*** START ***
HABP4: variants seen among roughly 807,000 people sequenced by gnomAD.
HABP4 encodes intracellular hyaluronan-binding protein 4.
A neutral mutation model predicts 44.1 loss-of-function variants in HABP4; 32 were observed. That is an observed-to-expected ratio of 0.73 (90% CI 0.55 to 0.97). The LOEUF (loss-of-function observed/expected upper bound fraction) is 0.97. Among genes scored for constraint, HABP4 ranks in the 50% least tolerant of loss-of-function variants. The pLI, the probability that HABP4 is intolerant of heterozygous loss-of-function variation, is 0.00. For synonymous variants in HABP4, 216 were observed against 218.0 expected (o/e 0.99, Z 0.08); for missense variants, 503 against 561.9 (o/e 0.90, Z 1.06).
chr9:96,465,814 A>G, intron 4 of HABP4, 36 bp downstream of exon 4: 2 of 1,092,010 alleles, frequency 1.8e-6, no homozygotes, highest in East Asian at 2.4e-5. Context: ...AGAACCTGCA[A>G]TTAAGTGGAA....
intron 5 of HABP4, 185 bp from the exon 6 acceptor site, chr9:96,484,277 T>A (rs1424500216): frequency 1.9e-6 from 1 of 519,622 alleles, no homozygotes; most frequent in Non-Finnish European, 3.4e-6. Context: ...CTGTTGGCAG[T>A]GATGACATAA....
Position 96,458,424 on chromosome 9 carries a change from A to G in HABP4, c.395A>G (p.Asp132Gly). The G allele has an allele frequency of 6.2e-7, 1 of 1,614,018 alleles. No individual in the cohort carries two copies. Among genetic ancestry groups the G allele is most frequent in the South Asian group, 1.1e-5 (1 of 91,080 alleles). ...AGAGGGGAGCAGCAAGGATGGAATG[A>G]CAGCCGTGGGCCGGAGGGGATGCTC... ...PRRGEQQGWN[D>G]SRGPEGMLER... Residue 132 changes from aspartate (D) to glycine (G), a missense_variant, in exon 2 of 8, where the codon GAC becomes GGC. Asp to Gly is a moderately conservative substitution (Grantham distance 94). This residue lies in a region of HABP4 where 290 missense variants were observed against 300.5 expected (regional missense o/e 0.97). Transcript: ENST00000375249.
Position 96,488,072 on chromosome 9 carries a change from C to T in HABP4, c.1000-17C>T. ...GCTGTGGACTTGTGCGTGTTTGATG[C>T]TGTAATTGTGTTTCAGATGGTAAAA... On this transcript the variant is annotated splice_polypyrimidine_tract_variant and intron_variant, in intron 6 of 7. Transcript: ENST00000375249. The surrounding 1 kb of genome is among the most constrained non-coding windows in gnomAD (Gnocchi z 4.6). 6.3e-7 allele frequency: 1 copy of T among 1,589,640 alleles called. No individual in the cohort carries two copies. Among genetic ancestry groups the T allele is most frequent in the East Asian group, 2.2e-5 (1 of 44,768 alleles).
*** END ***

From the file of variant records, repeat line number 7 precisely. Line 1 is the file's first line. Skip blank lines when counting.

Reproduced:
Position 96,488,072 on chromosome 9 carries a change from C to T in HABP4, c.1000-17C>T. ...GCTGTGGACTTGTGCGTGTTTGATG[C>T]TGTAATTGTGTTTCAGATGGTAAAA... On this transcript the variant is annotated splice_polypyrimidine_tract_variant and intron_variant, in intron 6 of 7. Transcript: ENST00000375249. The surrounding 1 kb of genome is among the most constrained non-coding windows in gnomAD (Gnocchi z 4.6). 6.3e-7 allele frequency: 1 copy of T among 1,589,640 alleles called. No individual in the cohort carries two copies. Among genetic ancestry groups the T allele is most frequent in the East Asian group, 2.2e-5 (1 of 44,768 alleles).